Carnegie Mellon University
David Garlan is a Professor of Computer Science in the School of Computer Science at Carnegie Mellon University, where he has been on the faculty since 1990. He received his Ph.D. from Carnegie Mellon in 1987 and worked as a software architect in industry between 1987 and 1990. His interests include software architecture, self-adaptive systems, formal methods, and cyber-physical systems.
He is a co-author of two books on software architecture: Software Architecture: Perspectives on an Emerging Discipline, and Documenting Software Architecture: Views and Beyond. In 2005 he received a Stevens Award Citation for “fundamental contributions to the development and understanding of software architecture as a discipline in software engineering.” In 2011 he received the Outstanding Research award from ACM SIGSOFT for “significant and lasting software engineering research contributions through the development and promotion of software architecture.” He is a Fellow of the IEEE a Fellow of the ACM.
The use of computing systems into every facet of our everyday lives raises a number of challenges for software engineering. In particular one of the most important requirements for today’s systems is high availability – even in the presence of faults, changing environmental conditions, and attacks. To address these requirements we need to be able to build systems that take more control over their own dependability, security, and usefulness – automating many of the tasks that now lead to system failures and that require computing experts and administrators to manage. This has led to a new sub-field of software engineering and systems design, sometimes termed Autonomic Computing, Self-healing Systems, or Self-Adaptive Systems.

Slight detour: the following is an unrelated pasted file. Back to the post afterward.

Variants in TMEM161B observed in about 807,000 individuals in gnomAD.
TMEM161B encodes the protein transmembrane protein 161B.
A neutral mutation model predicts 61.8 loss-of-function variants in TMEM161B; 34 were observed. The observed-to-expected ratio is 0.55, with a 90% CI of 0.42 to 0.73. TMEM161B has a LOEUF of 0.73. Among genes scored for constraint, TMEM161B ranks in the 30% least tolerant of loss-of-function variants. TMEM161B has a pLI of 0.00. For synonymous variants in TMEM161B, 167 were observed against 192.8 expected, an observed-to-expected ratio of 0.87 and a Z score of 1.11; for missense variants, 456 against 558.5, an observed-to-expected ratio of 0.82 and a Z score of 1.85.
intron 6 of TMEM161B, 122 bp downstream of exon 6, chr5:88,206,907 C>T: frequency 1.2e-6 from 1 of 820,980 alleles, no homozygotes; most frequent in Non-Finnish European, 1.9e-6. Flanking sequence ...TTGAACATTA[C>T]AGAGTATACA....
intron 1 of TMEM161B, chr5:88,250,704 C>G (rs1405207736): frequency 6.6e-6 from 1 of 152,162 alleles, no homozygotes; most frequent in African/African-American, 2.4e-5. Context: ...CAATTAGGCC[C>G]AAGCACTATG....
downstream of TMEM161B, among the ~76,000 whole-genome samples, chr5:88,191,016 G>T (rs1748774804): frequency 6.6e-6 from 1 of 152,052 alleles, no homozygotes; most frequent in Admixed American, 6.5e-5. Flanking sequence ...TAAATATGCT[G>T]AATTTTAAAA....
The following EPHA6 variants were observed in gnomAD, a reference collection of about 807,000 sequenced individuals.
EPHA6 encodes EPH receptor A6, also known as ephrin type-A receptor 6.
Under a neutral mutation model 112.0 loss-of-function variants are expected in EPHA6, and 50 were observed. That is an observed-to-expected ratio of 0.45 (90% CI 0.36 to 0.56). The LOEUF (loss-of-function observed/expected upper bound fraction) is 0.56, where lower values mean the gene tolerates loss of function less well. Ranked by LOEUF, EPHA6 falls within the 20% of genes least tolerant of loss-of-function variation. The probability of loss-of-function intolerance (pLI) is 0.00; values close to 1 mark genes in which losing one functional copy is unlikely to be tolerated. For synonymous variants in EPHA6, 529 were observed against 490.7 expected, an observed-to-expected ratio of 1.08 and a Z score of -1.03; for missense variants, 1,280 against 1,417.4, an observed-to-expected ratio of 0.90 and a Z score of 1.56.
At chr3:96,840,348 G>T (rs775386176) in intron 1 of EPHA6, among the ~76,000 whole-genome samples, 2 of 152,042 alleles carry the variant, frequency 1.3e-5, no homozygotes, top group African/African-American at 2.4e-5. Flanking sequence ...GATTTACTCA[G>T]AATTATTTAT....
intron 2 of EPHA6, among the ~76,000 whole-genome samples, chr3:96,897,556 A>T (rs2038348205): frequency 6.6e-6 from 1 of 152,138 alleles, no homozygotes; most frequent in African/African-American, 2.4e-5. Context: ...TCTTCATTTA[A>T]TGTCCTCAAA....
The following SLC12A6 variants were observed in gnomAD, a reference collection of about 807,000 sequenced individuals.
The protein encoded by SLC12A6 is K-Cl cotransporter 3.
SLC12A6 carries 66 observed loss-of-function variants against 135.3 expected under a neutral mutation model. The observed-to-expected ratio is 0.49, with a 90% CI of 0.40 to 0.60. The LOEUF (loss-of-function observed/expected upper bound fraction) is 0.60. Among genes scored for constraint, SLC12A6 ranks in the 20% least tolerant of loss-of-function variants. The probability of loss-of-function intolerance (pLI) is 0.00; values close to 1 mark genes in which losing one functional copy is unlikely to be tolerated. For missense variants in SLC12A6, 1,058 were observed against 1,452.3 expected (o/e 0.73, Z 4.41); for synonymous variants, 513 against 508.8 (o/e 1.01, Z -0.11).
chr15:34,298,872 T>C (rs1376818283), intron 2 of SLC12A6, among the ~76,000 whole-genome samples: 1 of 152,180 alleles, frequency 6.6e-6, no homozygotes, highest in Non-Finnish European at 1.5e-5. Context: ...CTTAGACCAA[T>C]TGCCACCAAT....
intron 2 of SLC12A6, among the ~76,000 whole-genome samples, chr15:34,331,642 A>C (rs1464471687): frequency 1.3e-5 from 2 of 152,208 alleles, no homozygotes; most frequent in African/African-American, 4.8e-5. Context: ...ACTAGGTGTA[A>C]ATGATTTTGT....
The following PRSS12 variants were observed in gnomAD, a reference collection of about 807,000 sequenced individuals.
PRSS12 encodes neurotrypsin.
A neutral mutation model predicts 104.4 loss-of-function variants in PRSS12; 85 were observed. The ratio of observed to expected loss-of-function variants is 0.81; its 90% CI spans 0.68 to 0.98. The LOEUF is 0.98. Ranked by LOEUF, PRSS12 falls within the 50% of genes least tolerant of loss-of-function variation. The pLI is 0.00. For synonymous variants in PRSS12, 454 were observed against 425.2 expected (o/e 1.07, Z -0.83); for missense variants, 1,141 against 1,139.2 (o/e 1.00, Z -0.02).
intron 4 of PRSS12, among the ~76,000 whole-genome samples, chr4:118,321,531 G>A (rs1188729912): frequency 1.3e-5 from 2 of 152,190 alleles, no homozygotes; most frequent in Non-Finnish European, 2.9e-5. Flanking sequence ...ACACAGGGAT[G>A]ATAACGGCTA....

In this talk I describe this emerging field and recent advances that allow us to address various engineering challenges, including (a) the ability to support self-healing through architectural models and automated repair, (b) new techniques for diagnosing faults at run-time with applications to manufacturing control systems, and (c) the ability to support self-securing systems.